Date of Award:
Doctor of Philosophy (PhD)
William D. Pearse
Noelle G. Beckman
Jessica R. K. Forrest
Terry L. Griswold
Robert N. Schaeffer
The date on which plants flower and on which bees begin to pollinate varies year-to-year depending on differences in weather. This seasonal timing is known as phenology, and it is already clear that climate change has pushed the spring phenology of many species earlier by increasing temperatures. This is particularly clear in flowering plants, but studying how and why the phenology of pollinators is shifting is more difficult. Most flowering plants rely on pollinators such as bees for their reproduction, and most bees rely on flowers for their sustenance, so bee and flower phenology has to overlap for the crucial interaction of pollination to happen, and understanding the phenology of both is important to predicting how climate change will affect pollination in the future.
Using new and existing data on bee and flower phenology from the Colorado Rocky Mountains, I examined what drives phenology and developed a mathematical model to relate bee phenology to basic demographic rates. Taking a global view, I also tested whether the phenology of plants, insects, and birds is becoming less predictable due to rising temperatures. In general, this dissertation shows that while the drivers of phenology are complex and interrelated, we can predict their outcomes as climate change progresses.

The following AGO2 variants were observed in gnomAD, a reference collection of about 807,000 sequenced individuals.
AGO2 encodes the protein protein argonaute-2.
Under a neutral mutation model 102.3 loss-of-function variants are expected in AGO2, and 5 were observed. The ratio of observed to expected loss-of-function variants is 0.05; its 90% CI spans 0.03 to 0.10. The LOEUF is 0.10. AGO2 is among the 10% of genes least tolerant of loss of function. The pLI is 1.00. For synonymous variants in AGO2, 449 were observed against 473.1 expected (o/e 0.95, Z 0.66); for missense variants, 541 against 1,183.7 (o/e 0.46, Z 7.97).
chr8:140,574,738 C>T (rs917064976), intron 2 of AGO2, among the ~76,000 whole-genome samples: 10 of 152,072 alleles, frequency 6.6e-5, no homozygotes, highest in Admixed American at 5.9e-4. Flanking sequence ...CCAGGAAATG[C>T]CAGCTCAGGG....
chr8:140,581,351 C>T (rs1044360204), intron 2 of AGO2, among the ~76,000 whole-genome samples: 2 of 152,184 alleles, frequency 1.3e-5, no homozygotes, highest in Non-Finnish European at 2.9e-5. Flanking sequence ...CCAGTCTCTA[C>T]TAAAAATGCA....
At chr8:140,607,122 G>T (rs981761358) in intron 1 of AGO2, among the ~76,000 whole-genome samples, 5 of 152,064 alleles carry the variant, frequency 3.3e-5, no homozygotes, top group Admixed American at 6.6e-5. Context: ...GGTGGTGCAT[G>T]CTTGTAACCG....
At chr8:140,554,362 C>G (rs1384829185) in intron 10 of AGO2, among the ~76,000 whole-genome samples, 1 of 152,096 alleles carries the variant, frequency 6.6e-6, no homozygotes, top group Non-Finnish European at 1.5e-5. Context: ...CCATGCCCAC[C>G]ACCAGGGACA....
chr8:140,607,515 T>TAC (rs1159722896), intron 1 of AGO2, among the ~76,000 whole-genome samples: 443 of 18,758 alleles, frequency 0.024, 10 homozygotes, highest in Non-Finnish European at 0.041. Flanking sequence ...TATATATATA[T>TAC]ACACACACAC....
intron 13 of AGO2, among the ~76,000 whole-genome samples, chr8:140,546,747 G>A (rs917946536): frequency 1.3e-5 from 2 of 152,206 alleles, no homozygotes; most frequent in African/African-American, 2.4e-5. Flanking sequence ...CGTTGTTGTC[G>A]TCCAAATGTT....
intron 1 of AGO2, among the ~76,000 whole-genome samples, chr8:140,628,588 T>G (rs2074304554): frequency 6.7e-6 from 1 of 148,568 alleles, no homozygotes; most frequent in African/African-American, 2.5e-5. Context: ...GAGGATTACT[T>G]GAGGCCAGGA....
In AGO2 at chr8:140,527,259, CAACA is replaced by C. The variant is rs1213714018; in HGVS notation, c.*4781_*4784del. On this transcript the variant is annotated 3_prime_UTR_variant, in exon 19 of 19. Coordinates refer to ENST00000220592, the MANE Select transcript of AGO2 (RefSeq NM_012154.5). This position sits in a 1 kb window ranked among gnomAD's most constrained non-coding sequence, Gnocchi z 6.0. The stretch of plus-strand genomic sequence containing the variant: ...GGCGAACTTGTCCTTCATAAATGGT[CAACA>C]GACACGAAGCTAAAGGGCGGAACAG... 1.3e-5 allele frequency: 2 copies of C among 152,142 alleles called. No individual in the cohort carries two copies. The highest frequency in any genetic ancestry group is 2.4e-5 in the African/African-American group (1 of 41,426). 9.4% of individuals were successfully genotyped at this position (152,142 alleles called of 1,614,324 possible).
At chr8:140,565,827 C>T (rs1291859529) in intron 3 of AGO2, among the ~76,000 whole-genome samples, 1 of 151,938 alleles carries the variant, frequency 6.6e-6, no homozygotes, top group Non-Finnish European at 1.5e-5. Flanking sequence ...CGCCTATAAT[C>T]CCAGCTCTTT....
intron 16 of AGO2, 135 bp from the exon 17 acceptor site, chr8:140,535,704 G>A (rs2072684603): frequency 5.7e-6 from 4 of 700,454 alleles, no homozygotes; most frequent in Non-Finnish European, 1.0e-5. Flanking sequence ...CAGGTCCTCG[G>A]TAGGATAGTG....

Stemkovski, Michael, "The Effects of Recent Climate Change on Spring Phenology, With a Special Focus on Patterns of Bee Foraging" (2023). All Graduate Theses and Dissertations, Spring 1920 to Summer 2023. 8725.
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